CLEVELAND, Ohio – The federal government approved $65 billion in taxpayer dollars be used for grants and loans in 2020 to help the nation’s air carriers weather the coronavirus pandemic – but that wasn’t nearly enough to cover industry loses.

And more relief is likely on the way in the next stimulus package, which could clear Congress next month. The big question is how long will the federal government be willing to continue the subsidies, an air industry analyst said.

“They’re already out there asking for the next one,” said Robert Mann, principal at R.W. Mann & Co. in New York.

Cleveland.com and The Plain Dealer contacted Mann this week after Cleveland’s airport chief, Robert Kennedy, expressed concern to City Council about the airlines that now operate out of Cleveland Hopkins International Airport.

The question we posed was what did the airline industry do with all those billions, and why was that not enough?

Here is what we learned.

Air travel nearly came to a halt when the pandemic took hold in March. Passenger numbers collapsed and airline revenues plummeted. Even with the subsidy from the federal government, the industry still had combined losses of about $22 billion in 2020, Mann said.

Eight air carriers that fly in and out of Cleveland Hopkins International Airport received $21.7 billion to cover lost revenues, according to U.S. Treasury records. The money allowed them to keep employees on staff, even though flights were greatly reduced. American Airlines, United Airlines, Delta Air Lines and Southwest Airlines – the four largest in the nation – got the most.

American, United and Delta all topped $5 billion in payroll support. Southwest topped $3 billion.

JetBlue got more than $950 million. The other three were less – Spirit, $344 million; Frontier $210 million; and Allegiant, $176.

The federal subsidies provided the air carriers with liquidity and in exchange, they pledged to keep people employed. Without it, thousands of workers likely would have lost their jobs, causing the economic downturn to worsen, Mann said.

None of the major airlines has recovered.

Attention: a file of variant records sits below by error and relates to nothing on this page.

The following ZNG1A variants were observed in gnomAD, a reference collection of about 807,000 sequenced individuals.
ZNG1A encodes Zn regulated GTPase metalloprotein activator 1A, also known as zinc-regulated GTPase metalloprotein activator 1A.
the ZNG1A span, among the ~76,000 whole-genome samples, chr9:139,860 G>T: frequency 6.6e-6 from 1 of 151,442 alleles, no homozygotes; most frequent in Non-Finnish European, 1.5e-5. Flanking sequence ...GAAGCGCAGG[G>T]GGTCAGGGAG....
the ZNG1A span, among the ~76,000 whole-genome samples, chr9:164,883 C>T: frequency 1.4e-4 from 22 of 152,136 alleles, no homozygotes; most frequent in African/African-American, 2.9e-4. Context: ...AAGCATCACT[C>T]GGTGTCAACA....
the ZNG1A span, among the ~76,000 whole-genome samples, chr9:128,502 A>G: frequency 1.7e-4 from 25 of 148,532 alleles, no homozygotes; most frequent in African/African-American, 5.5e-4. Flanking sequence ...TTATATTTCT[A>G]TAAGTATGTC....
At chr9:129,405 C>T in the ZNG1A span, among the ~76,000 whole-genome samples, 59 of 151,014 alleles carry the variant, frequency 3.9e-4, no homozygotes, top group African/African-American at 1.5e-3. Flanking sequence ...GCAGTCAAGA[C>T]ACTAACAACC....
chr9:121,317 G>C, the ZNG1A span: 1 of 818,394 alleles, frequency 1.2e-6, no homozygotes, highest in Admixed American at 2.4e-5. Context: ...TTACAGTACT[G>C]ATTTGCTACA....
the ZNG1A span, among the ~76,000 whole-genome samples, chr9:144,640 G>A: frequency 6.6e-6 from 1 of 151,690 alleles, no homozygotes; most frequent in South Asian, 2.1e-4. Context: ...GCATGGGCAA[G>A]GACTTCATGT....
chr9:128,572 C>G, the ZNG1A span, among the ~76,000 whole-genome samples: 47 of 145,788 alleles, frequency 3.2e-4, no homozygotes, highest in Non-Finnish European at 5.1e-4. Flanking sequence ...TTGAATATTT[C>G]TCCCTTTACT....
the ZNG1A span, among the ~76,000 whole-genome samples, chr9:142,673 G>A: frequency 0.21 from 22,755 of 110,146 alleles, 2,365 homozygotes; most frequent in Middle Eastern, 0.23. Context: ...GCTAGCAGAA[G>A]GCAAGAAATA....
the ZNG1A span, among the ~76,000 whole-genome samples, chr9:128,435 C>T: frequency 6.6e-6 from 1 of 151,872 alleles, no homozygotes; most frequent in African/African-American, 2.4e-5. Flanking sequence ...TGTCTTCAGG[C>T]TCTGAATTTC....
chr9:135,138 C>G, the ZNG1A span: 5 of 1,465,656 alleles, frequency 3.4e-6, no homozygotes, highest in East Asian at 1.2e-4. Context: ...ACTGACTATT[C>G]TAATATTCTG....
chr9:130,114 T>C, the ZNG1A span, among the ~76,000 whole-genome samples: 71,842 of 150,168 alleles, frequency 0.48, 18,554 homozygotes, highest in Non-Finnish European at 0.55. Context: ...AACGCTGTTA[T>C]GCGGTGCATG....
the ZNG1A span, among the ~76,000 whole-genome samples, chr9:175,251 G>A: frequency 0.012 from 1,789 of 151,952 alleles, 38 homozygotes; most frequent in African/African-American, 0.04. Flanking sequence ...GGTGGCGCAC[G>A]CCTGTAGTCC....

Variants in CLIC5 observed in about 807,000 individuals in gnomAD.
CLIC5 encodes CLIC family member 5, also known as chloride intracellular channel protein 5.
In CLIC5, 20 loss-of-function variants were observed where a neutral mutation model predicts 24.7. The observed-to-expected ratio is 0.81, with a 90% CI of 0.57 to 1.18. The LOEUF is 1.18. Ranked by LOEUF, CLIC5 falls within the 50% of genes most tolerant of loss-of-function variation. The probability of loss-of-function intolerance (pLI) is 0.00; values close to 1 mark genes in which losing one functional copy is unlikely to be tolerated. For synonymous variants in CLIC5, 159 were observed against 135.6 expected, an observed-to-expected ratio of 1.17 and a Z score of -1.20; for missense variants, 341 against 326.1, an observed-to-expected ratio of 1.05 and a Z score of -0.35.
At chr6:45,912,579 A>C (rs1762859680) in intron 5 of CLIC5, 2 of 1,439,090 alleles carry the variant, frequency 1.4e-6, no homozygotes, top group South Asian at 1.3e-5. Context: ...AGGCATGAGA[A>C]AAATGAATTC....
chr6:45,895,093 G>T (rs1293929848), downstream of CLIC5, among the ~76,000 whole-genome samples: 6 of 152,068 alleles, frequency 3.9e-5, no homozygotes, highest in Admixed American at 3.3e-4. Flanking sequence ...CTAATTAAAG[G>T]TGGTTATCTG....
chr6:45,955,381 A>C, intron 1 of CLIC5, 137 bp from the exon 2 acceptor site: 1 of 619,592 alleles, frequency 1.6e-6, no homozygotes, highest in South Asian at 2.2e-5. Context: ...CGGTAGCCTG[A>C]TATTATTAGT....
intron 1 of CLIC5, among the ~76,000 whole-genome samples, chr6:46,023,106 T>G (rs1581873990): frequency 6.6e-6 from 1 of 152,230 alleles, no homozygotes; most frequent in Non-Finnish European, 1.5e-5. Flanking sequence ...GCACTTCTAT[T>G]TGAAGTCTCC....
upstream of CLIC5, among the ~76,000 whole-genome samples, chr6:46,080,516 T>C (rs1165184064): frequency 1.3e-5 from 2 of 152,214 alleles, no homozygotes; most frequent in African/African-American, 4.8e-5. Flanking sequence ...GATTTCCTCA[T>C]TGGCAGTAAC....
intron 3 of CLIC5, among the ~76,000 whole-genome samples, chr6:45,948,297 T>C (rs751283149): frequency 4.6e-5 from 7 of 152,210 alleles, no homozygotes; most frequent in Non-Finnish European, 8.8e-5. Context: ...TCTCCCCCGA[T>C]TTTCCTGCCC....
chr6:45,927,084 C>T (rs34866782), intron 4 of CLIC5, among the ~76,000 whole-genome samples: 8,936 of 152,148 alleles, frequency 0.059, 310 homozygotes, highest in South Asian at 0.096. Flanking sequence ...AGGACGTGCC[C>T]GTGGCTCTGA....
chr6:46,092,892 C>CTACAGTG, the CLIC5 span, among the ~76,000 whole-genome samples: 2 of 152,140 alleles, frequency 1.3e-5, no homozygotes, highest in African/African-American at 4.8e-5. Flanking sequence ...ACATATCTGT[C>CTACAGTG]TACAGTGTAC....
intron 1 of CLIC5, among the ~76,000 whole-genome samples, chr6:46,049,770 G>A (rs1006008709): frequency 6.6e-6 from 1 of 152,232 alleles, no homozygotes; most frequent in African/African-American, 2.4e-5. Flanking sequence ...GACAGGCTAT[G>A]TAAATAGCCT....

Business traffic, the bread and butter for airline revenues, has not returned, Mann said. Leisure travelers, passengers who shopping for the best deals, are a reason that airlines are keeping fares down across the country.

Meanwhile, many business travelers have switched to private jets.

“If you look around the world, it’s the same,” Mann said.

For 20 years, that’s been a trend. Folks who consider their time of high value began to go private – flying out of smaller airports that were easy to get in and out of and offered fewer headaches than busy airport terminals.

When the pandemic hit, health concerns just fueled the trend.

New Jersey’s Teterboro Airport, across the Hudson River from Manhattan and not far from Mann’s Long Island base, has maintained strong private jet service for businesses throughout the pandemic. In 2020 it was the busiest business aviation airport with 36,508 departures, Forbes reported.

The question is whether that business traffic ever return, Mann said.

Argus International, an aviation-focused consulting company, predicts year-over-year business-related air travel activity should exceed the 2020 monthly level in June by 26%. That would still be less activity than in June 2019.

And even though overall passenger numbers have begun to tick up on domestic air carriers, they are far from the pre-pandemic levels of 2019.

Kennedy, director of Cleveland’s airport system, expects about 5.2 million passengers to use Cleveland Hopkins this year, up from 4.1 million in 2020, but only about half of what was expected before the pandemic hit.

“I don’t see the industry recovering to levels of 2019 at least until the end of 2022 and possibly the end of 2023,” Mann said.

Until then, air carriers will continue to rack up losses, burning through tens of millions of dollars a day in cash, Mann said.

“It’s going to go on forever until the demand returns,” Mann said. “The question is how long do you want to keep dosing it like that.”

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